We’re Ready for Business, Tinubu Tells World Leaders

President Bola Ahmed Tinubu has told world leaders in Paris, France that Nigeria is eager to engage in business with their respective nations.

He also aligned himself with the growing consensus advocating for a revamp of the global financial system.

The restructuring would prioritize poverty alleviation, debt restructuring or cancellation, and increased consideration for countries vulnerable to the effects of climate change and Covid-19.

Mr. Dele Alake, the President’s Special Adviser on Communication, Special Duties and Strategy said President Tinubu arrived at Palais Brongniart, the event venue, at 8:59 am (Local Time) to partake in the opening ceremony of the High-Level Summit for New Global Financing Pact, adding that Upon his arrival, he was warmly received by Catherine Colonna, the French Minister of Europe and Foreign Affairs.

French President Emmanuel Macron, in his welcome address to the world leaders in Paris, emphasized that the summit’s objective was to formulate a fresh financial framework that would enhance funding and provide support to developing nations for energy transition and poverty reduction, while respecting the autonomy of each country.

President Macron acknowledged the on-going challenges faced by African nations on the global stage, particularly the burden of debt hindering their growth and development.

“Covid-19 pandemic brought lots of difficulties and now we are faced with the war in Ukraine that has been draining resources that should be channeled into human development,” he said.

Macron emphasized to leaders representing 50 countries, multilateral institutions, and the private sector that justice and fairness must be paramount in the redesign of the new global financial system. He emphasized the need for increased attention towards the most vulnerable populations.

The French President outlined four key elements that should be taken into account by the leaders. Firstly, he stressed the importance of recognizing that poverty reduction necessitates collaborative efforts and a more inclusive and comprehensive framework.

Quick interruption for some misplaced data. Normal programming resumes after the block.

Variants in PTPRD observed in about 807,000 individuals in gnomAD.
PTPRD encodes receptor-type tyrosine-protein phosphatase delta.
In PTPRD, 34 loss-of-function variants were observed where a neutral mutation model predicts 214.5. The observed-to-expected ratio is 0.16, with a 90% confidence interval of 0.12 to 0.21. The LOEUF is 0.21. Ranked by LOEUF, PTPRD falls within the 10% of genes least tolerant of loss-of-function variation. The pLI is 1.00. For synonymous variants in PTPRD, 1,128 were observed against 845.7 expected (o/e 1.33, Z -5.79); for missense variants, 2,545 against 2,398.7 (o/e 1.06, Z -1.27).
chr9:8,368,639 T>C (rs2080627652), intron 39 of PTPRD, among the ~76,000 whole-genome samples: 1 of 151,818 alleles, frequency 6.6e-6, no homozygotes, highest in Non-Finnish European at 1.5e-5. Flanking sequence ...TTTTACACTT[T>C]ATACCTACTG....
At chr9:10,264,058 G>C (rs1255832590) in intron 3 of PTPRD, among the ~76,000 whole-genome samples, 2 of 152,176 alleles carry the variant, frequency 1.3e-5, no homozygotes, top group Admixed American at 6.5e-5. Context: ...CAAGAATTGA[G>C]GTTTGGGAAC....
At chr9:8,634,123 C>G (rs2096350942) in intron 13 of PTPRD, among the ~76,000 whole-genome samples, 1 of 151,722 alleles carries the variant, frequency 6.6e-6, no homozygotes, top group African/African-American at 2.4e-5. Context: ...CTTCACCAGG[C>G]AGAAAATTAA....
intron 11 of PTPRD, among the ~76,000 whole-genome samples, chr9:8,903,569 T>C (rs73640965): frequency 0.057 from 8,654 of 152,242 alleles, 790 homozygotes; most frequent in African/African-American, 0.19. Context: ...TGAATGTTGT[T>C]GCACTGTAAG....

must admit that no country can succeed alone in reducing poverty and protecting the planet,” he added.

Macron also highlighted the importance of tailoring the framework to suit the specific circumstances of each country, including the involvement of subregional entities. He emphasized the need for clear delineation of responsibilities and benefits. Furthermore, Macron urged for a transformation of multilateral institutions such as the International Monetary Fund and World Bank to become more focused on serving the needs of the people and generating effective solutions.

Recognizing the significant role played by the private sector, Macron emphasized the necessity of their active participation in the new pact. He emphasized that the private sector controls a substantial portion of financial instruments that need to be mobilized to foster more equitable development, particularly in critical areas such as healthcare, education, and food security.

On behalf of the African countries, the President of Niger Republic, Mohammed Bazoum, said the new pact must be “urgent” and “essential” to Africa, and the framework should be “just” and “robust” in reflecting the reality of developing countries as partners.

Bazoum said the challenges of impoverishment and desertification had stimulated unrest in most countries, affecting peace and stability in sub-regions and the continent.

“In Africa, we need support for infrastructure, health, food security and education,” he stated.

UN Secretary General, Antonio Guterres, told the gathering of leaders that the high level summit would need more mobilisation and political will for redesign and implementation.

The UN scribe said many countries were still struggling from effects of Covid-19 and climate change, and the war in Ukraine had heightened sufferings.

Guterres said some African countries had been unable to service their debts, with indications that generations might be affected.

“African countries,” he said, “were not properly captured in the global order.”

He said the new global financial pact must address fragmentations and frustrations, and enable the kind of change that encourages debt relief, suspension of repayments, change of business models and more commitment from development banks, with guarantees.

The UN scribe said leaders must look beyond reforms, and accept the need for transformation.

“We are at a moment of truth and reckoning, and we can make it a moment of hope,” Guterres said.

Climate Activist, Vanessa Nakate, from Uganda, who called for a moment of silence for the helpless and hopeless across the world, said broken promises cost the lives of many in developing nations.

The Presidents and leaders of multilateral institutions and the private sector at the Summit went into syndicate sessions to discuss the new financial architecture.

President Tinubu will on Friday participate at the summit, which will unveil a New Global Financing Pact and mechanism for implementation.